# Manhattan GMAT Challenge Problem of the Week – 10 Oct 2011:

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## Question

Every student at Darcy School is in at least one of three clubs: horseback riding, embroidery, and country dancing, which are the only clubs in existence at the school. The ratio of the number of students in exactly two clubs to the number of students in exactly one club is 4:3, while the ratio of the number of students in exactly two clubs to the number of students in at least two clubs is 5:7. Which of the following could be the total number of students at Darcy School?

A. 63

B. 69

C. 74

D. 82

E. 86

## Answer

Although the setup of this problem seems to call for a Venn Diagram with three circles, this question is actually solely about ratios. We need to figure out the ratio of students who are in only one club to the ratio of students in exactly two clubs to the ratio of students in all three clubs.

One : Two : Three Clubs = ?

We can use the unknown multiplier to help us represent the two ratios. The ratio of the number of students in exactly two clubs to the number of students in exactly one club is 4:3.

And the ratio of the number of students in exactly two clubs to the number of students in at least two clubs is 5:7. Make sure to use a different variable for this ratio. Also, note that this ratio is students in 2 clubs to students in *at least* two clubs. That means that there are really only 2 students in three clubs for every 5 people in two clubs.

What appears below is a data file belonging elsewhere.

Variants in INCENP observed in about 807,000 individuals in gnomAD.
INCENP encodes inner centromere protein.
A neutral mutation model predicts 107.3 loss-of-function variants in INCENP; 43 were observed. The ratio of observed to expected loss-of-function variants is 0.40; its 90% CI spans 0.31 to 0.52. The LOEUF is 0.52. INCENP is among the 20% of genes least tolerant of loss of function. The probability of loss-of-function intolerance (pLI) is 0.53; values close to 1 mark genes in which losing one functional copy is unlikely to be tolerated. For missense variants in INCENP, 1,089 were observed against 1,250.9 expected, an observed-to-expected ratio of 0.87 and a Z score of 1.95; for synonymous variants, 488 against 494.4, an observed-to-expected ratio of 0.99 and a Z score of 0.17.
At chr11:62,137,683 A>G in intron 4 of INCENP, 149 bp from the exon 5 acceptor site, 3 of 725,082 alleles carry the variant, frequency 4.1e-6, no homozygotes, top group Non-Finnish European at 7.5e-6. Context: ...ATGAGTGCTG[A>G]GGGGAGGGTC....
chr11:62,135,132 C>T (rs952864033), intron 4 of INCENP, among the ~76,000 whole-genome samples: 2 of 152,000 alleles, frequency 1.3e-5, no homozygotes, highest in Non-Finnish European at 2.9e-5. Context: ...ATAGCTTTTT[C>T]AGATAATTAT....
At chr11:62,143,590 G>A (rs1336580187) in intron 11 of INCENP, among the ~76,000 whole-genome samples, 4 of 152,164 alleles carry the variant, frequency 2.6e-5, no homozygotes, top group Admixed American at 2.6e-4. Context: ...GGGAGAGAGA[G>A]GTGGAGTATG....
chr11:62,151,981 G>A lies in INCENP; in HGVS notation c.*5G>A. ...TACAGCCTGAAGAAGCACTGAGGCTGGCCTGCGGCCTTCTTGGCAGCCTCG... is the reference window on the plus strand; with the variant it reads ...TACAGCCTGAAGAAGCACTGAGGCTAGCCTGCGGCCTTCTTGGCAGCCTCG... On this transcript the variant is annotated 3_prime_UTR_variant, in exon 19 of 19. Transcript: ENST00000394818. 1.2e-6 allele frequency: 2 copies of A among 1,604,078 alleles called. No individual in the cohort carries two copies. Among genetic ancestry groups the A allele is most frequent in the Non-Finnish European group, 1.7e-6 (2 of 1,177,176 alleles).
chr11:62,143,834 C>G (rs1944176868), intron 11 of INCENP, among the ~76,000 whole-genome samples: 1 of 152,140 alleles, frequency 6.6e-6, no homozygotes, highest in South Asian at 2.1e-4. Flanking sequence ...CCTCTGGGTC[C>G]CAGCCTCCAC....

Now we have two different ways of expressing the number of students in exactly two clubs. We know that the number of students in two clubs is a multiple of both 4 and 5. Therefore, the number of students in two clubs must be a multiple of 20. Multiply the first ratio by 5 and the second ratio by 4.

We can now combine the two ratios into one ratio, which will be 15z : 20z : 8z.

The number of students in the school must be a multiple of 15 + 20 + 8 = 43. The only answer that is a multiple of 43 is 86.

**The correct answer is E.**

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## 3 comments

Aaron on October 10th, 2011 at 11:25 pm

I was close but no cigar. Can you provide another way of explaining how the second ratio is reduced or how to get to its true meaning? Specially, "2 students in three clubs for every 5 people in two clubs?"

Andy R on October 11th, 2011 at 6:03 am

same as aaron, i am little confused by how the second ratio is reduced.

Is this thought process correct: Ratio of students in 2 clubs : ratio of students in at least 2 clubs is 5:7 --> out of the 7 students who are a member of at least 2 clubs, 5 students are already members of 2 clubs --> 7-5 = 2 who are members of all the 3 clubs?

pls let me know

Geo on October 28th, 2011 at 6:46 pm

This one is quite good. Tricky but useful.